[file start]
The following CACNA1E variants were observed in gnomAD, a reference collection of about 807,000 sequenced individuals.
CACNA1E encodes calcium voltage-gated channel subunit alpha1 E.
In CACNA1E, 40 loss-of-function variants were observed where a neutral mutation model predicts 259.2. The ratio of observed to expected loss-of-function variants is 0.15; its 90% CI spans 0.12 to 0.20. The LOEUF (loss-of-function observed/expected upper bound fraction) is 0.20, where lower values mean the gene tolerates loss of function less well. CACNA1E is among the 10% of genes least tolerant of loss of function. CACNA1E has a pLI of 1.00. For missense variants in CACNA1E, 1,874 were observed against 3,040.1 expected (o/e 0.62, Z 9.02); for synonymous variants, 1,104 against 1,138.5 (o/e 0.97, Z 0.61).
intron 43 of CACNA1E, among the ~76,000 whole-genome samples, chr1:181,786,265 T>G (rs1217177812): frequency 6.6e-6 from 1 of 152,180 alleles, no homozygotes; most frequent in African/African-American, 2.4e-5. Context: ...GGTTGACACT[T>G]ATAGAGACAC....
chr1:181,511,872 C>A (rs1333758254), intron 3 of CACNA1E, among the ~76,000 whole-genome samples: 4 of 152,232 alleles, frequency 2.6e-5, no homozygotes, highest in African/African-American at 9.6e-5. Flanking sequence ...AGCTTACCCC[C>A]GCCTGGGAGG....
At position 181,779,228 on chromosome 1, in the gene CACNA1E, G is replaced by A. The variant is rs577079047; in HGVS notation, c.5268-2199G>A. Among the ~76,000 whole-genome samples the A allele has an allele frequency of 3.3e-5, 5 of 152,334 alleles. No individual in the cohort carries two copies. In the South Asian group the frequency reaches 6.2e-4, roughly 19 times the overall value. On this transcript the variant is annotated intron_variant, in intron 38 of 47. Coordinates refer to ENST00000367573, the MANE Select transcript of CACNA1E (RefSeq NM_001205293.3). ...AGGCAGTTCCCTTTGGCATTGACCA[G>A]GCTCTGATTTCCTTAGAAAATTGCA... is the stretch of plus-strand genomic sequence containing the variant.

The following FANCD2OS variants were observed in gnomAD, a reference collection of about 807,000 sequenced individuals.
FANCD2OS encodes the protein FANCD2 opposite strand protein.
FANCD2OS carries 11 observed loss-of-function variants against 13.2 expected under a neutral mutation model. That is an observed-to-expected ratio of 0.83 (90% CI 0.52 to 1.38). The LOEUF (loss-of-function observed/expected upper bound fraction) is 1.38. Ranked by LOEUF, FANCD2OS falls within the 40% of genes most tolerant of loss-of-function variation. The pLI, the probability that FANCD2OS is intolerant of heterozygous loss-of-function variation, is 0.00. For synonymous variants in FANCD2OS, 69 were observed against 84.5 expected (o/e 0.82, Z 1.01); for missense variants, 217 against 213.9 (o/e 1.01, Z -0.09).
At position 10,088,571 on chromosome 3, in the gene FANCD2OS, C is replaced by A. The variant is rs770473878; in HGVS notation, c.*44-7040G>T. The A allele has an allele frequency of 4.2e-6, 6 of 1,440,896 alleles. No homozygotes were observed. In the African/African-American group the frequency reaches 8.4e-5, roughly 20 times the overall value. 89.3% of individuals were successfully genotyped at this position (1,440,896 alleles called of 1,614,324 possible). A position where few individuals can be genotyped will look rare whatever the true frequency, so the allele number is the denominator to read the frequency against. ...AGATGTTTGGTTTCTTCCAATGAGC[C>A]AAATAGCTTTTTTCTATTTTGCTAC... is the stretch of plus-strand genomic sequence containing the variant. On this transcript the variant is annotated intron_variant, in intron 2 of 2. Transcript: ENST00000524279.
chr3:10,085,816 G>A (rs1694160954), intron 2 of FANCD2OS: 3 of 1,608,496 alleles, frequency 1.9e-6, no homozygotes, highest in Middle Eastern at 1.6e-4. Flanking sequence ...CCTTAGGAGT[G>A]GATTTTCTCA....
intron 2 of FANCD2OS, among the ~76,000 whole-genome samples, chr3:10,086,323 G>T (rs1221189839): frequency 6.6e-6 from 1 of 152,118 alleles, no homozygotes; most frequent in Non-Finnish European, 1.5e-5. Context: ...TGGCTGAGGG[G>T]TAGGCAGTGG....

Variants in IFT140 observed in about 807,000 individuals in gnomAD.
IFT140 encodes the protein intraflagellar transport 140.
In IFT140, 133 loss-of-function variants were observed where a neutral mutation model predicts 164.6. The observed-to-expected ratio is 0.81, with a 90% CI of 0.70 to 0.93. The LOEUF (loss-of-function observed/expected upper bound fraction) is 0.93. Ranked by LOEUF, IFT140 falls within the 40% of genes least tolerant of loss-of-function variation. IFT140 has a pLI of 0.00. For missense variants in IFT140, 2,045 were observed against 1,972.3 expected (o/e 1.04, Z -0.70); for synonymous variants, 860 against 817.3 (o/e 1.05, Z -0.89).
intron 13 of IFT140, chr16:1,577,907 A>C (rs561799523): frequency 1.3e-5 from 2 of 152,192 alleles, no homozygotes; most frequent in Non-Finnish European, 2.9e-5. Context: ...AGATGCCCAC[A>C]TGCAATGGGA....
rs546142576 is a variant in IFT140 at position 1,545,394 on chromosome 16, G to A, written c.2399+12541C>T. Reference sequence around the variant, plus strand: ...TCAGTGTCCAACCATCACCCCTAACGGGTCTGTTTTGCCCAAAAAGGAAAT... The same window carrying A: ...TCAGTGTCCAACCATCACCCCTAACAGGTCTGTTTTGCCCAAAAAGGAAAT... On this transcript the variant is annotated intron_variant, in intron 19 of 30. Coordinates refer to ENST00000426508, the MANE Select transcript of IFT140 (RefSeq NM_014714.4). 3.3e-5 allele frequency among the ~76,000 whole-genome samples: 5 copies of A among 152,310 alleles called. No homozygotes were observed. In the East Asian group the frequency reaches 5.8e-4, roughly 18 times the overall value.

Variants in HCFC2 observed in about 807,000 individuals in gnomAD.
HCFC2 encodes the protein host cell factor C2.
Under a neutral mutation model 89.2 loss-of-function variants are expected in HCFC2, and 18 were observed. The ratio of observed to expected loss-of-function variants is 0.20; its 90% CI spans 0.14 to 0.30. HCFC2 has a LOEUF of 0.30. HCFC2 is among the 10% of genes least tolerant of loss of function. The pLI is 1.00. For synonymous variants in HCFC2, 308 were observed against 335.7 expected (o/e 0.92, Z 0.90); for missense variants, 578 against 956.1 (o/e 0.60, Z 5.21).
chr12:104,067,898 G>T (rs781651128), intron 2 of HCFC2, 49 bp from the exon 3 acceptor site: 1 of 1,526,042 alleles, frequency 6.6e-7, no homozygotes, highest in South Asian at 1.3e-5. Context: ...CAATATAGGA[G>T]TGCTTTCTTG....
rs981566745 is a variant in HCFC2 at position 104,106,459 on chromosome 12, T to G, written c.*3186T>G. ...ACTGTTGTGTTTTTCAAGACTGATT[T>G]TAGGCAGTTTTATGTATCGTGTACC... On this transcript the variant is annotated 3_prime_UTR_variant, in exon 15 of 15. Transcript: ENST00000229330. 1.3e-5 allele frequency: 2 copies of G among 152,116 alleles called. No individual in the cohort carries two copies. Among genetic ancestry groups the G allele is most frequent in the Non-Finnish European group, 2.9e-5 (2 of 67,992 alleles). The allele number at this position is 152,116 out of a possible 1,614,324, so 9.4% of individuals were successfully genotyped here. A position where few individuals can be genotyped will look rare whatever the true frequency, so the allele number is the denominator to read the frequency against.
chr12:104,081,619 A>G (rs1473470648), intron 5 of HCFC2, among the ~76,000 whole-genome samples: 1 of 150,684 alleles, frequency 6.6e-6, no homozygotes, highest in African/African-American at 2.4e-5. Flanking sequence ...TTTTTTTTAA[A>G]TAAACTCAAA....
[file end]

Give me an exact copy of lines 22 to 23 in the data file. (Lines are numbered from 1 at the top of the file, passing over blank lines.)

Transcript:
rs981566745 is a variant in HCFC2 at position 104,106,459 on chromosome 12, T to G, written c.*3186T>G. ...ACTGTTGTGTTTTTCAAGACTGATT[T>G]TAGGCAGTTTTATGTATCGTGTACC... On this transcript the variant is annotated 3_prime_UTR_variant, in exon 15 of 15. Transcript: ENST00000229330. 1.3e-5 allele frequency: 2 copies of G among 152,116 alleles called. No individual in the cohort carries two copies. Among genetic ancestry groups the G allele is most frequent in the Non-Finnish European group, 2.9e-5 (2 of 67,992 alleles). The allele number at this position is 152,116 out of a possible 1,614,324, so 9.4% of individuals were successfully genotyped here. A position where few individuals can be genotyped will look rare whatever the true frequency, so the allele number is the denominator to read the frequency against.
chr12:104,081,619 A>G (rs1473470648), intron 5 of HCFC2, among the ~76,000 whole-genome samples: 1 of 150,684 alleles, frequency 6.6e-6, no homozygotes, highest in African/African-American at 2.4e-5. Flanking sequence ...TTTTTTTTAA[A>G]TAAACTCAAA....